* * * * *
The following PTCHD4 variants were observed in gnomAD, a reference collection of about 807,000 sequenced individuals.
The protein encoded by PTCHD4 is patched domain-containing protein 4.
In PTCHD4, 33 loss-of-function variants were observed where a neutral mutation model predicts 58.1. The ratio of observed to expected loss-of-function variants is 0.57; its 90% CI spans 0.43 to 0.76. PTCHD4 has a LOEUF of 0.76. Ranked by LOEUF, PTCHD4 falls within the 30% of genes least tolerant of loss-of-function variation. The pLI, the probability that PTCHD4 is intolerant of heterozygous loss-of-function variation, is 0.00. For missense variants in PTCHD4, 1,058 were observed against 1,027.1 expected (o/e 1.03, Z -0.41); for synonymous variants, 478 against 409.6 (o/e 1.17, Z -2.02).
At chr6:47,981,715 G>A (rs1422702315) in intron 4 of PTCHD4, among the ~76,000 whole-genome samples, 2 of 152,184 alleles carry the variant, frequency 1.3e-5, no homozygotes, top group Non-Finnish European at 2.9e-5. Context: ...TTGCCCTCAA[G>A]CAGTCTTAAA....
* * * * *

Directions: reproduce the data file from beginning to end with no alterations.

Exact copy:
The following PTCHD4 variants were observed in gnomAD, a reference collection of about 807,000 sequenced individuals.
The protein encoded by PTCHD4 is patched domain-containing protein 4.
In PTCHD4, 33 loss-of-function variants were observed where a neutral mutation model predicts 58.1. The ratio of observed to expected loss-of-function variants is 0.57; its 90% CI spans 0.43 to 0.76. PTCHD4 has a LOEUF of 0.76. Ranked by LOEUF, PTCHD4 falls within the 30% of genes least tolerant of loss-of-function variation. The pLI, the probability that PTCHD4 is intolerant of heterozygous loss-of-function variation, is 0.00. For missense variants in PTCHD4, 1,058 were observed against 1,027.1 expected (o/e 1.03, Z -0.41); for synonymous variants, 478 against 409.6 (o/e 1.17, Z -2.02).
At chr6:47,981,715 G>A (rs1422702315) in intron 4 of PTCHD4, among the ~76,000 whole-genome samples, 2 of 152,184 alleles carry the variant, frequency 1.3e-5, no homozygotes, top group Non-Finnish European at 2.9e-5. Context: ...TTGCCCTCAA[G>A]CAGTCTTAAA....